El Dorado Springs, Mo. -- On a recent spring afternoon, Kansas-born prairie chickens stepped cautiously onto Missouri soil bearing radio transmitters and biologists’ hopes for this endangered icon.
The first two prairie chickens scanned the open skies above Wah’Kon-Tah Prairie. Suddenly they fluttered skyward, prompting a dozen more of the black and white speckled birds to leave the release box and glide over a knoll, out of sight but not beyond the telemetry equipment that will track them through the seasons.
The birds were captured where greater prairie chickens are plentiful in the Smoky Hills near Salina, Kan. But the species is critically endangered in Missouri.
Their release this spring at Wah’Kon-Tah will help the Missouri Department of Conservation (MDC) restore prairie chickens to a onetime stronghold and refine management to help all native grassland birds in decline.
“I firmly believe we will succeed,” said Len Gilmore, an MDC wildlife management biologist and prairie expert.
Prairie chickens and many grasslands birds are in peril because only small fragments of Missouri’s once-vast tallgrass prairies remain. The football-sized birds, a member of the grouse family, have dwindled from hundreds of thousands statewide in the early 1800s to less than 100 native birds in scattered flocks today.
But a year-round radio telemetry study at Wah’Kon-Tah is showing MDC biologists what types of ground cover prairie chickens prefer for nesting, raising broods, feeding and evading predators. That’s guiding how the area’s virgin prairie remnants and restored native grasses and wildflowers are managed with prescribed fire, grazing, haying or unaltered growth.
“Our telemetry has shown that we can’t just walk away from a prairie and let it sit,” Gilmore said. “You’ve got to do something every year to create disturbance and habitat diversity. The more diversity we can provide, the more success we’ll have.”
A small flock of prairie chickens lived in the Wah’Kon-Tah area north of El Dorado during the 1950s and 1960s, Gilmore said. But in recent decades they vanished, similar to how other small flocks at other prairie remnants in western and northern Missouri have declined.
Scientific studies at the Wah’Kon-Tah area aim to reverse that trend. That includes re-establishing a flock there as part of a translocation study, with almost 400 prairie chickens trapped in Kansas and released beginning in 2008. They are fitted with leg bands and a small, lightweight radio transmitter before release. That enables trackers using radio receivers to plot the birds’ movements through various habitats, and they can move miles in a day.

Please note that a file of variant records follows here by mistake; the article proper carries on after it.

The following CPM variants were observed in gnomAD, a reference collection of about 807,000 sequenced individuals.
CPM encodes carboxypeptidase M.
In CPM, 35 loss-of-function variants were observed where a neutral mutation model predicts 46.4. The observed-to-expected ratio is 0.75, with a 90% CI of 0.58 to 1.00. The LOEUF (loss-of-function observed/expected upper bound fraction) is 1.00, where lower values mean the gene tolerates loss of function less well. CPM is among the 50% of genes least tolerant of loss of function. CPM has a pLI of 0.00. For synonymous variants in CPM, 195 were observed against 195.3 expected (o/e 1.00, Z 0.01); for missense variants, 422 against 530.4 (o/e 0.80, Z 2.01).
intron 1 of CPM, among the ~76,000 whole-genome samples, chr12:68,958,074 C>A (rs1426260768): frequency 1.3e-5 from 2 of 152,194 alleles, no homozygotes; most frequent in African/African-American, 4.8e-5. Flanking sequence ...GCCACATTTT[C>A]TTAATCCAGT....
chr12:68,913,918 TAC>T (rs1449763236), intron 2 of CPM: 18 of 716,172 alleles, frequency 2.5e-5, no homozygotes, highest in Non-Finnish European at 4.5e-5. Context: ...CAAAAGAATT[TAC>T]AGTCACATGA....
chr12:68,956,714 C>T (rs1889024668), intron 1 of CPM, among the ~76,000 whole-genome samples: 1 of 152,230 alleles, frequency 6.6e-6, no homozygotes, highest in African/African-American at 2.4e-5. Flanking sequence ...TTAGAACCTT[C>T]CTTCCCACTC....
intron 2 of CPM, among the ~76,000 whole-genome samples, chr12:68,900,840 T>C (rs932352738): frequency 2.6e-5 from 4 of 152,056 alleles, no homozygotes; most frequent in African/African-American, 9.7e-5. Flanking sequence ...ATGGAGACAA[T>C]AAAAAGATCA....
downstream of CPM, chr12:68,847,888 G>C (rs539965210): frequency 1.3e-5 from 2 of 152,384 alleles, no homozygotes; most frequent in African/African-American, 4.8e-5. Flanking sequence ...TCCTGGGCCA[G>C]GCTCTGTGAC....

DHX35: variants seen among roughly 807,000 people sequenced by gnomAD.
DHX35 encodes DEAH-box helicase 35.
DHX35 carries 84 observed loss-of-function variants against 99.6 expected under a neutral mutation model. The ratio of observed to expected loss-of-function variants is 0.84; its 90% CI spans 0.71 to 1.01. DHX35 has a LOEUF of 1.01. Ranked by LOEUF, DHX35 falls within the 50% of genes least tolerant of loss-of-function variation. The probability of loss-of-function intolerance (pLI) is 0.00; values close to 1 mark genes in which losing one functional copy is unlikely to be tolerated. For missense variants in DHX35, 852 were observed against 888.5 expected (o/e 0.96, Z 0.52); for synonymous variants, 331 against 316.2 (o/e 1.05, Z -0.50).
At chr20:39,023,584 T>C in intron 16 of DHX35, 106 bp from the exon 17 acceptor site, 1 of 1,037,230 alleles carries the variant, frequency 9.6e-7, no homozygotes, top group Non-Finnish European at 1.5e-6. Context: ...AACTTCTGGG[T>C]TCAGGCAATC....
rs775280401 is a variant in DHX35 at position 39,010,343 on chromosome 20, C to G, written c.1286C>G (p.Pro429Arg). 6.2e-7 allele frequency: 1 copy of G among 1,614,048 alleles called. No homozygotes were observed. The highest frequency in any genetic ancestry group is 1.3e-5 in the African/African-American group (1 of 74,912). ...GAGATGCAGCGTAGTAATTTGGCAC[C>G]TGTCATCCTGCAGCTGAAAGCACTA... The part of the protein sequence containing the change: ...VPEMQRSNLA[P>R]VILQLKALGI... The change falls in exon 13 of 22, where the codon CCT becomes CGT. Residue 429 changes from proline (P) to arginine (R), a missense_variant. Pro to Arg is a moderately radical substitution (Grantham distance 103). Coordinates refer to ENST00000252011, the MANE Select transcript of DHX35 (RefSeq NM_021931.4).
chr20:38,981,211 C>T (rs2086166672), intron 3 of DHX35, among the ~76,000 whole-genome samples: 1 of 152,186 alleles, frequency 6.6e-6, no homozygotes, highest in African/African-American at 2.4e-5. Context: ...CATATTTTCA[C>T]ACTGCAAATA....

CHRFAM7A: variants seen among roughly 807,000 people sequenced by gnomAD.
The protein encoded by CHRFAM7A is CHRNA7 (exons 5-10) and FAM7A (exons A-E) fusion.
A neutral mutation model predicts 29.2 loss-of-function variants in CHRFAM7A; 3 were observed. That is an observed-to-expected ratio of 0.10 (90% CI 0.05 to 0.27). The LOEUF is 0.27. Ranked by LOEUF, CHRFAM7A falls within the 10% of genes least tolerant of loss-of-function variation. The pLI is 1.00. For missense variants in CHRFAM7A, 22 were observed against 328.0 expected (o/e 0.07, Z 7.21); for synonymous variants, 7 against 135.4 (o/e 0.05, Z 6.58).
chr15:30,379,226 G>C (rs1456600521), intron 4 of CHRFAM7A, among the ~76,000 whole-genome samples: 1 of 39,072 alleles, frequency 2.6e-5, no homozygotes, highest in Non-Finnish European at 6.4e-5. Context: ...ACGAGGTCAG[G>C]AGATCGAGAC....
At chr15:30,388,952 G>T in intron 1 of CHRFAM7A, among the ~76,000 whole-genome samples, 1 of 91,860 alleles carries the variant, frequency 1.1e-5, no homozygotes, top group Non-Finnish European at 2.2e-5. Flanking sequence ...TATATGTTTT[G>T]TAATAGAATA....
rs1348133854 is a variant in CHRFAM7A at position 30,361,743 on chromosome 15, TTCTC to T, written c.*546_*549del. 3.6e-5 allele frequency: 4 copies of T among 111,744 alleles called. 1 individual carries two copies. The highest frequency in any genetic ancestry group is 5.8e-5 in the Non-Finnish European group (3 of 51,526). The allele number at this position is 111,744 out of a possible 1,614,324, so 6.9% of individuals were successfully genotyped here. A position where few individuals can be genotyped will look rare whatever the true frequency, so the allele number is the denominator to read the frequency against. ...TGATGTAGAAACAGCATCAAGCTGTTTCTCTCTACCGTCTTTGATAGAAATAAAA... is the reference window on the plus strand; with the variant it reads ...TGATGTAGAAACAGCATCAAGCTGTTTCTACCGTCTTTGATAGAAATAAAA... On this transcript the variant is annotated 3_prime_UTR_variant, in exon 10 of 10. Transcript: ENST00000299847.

The 3,030-acre Wah’Kon-Tah is the largest protected tallgrass prairie complex in the eastern Osage Plains ecosystem. A large portion is owned by The Nature Conservancy, a private, non-profit conservation group. MDC also owns tracts and manages the prairie in cooperation with private partners.
An effort in the 1990s to re-establish prairie chickens at Wah’Kon-Tah with birds captured in Kansas was unsuccessful, Gilmore said.
But this time, changes in habitat management may make this effort successful and a model for long-term prairie chicken restorations statewide.
“We’re seeing evidence of successful reproduction,” Gilmore said.
Prairie chickens in early April use hilltop spots called leks as “booming grounds,” where males make a booming sound and drum their feet on the ground to attract females in a sunrise mating ritual resembling a dance.
Males are booming this spring on the Wah’Kon-Tah’s traditional lek sites and females are checking them out, said Stasia Whitaker, an MDC wildlife management assistant. Whitaker tracked the birds in recent years with radio telemetry. Prairie chickens also used the leks last year, and hens with chicks were spotted afterward. Some birds captured during studies do not have leg bands, which indicating they were hatched and raised at Wah’Kon-Tah.
“We’ve been doing lots of habitat work before releasing birds, and that’s helped them stabilize,” Whitaker said.
Managers used to simply let prairies grow, or they would hay large tracts or conduct large-scale prescribed fires.
But Gilmore and the MDC crew are using management practices on smaller, 40-acre units so prairie chickens have easier access to both open areas for feeding and dense cover for shelter. They need sheltered nesting cover but also open areas that are easier for chicks to travel in and find food.
Using prescribed fires followed by cattle grazing is boosting habitat diversity and the use of Wah’Kon-Tah by various bird species. One strong trend, the study shows prairie chickens like “high-clipped” grass where cover is mowed or grazed about a foot tall.
“Chicks and adults both have a hard time getting through grass when it’s tall and thick,” Whitaker said. “But at 10 to 15 inches, they can conceal themselves and also see out and watch for predators.”
Tree removal at Wah’Kon-Tah and on neighboring private farms also improves open vistas for prairie chickens. But it’s a mosaic of habitats with varying grasses and wildflowers that helps prairie chickens thrive as seasons change. Fire, grazing and haying are all tools to create that diversity.
“The more good habitat we can provide,” Gilmore said, “the more prairie chickens will survive.”